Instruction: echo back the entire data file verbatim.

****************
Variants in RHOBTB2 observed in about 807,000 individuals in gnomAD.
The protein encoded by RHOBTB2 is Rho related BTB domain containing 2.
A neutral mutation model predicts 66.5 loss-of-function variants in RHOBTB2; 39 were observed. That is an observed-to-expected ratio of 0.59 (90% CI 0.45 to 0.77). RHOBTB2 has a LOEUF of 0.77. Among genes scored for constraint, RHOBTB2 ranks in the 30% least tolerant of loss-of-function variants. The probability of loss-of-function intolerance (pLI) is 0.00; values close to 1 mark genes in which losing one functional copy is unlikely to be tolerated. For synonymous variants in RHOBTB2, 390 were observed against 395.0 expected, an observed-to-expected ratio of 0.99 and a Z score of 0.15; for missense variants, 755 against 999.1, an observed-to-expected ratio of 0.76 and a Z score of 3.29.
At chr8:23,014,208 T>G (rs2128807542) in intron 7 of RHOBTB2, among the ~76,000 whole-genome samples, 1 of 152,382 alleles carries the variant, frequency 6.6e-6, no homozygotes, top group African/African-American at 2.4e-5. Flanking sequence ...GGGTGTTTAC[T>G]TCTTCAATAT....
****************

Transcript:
Variants in RHOBTB2 observed in about 807,000 individuals in gnomAD.
The protein encoded by RHOBTB2 is Rho related BTB domain containing 2.
A neutral mutation model predicts 66.5 loss-of-function variants in RHOBTB2; 39 were observed. That is an observed-to-expected ratio of 0.59 (90% CI 0.45 to 0.77). RHOBTB2 has a LOEUF of 0.77. Among genes scored for constraint, RHOBTB2 ranks in the 30% least tolerant of loss-of-function variants. The probability of loss-of-function intolerance (pLI) is 0.00; values close to 1 mark genes in which losing one functional copy is unlikely to be tolerated. For synonymous variants in RHOBTB2, 390 were observed against 395.0 expected, an observed-to-expected ratio of 0.99 and a Z score of 0.15; for missense variants, 755 against 999.1, an observed-to-expected ratio of 0.76 and a Z score of 3.29.
At chr8:23,014,208 T>G (rs2128807542) in intron 7 of RHOBTB2, among the ~76,000 whole-genome samples, 1 of 152,382 alleles carries the variant, frequency 6.6e-6, no homozygotes, top group African/African-American at 2.4e-5. Flanking sequence ...GGGTGTTTAC[T>G]TCTTCAATAT....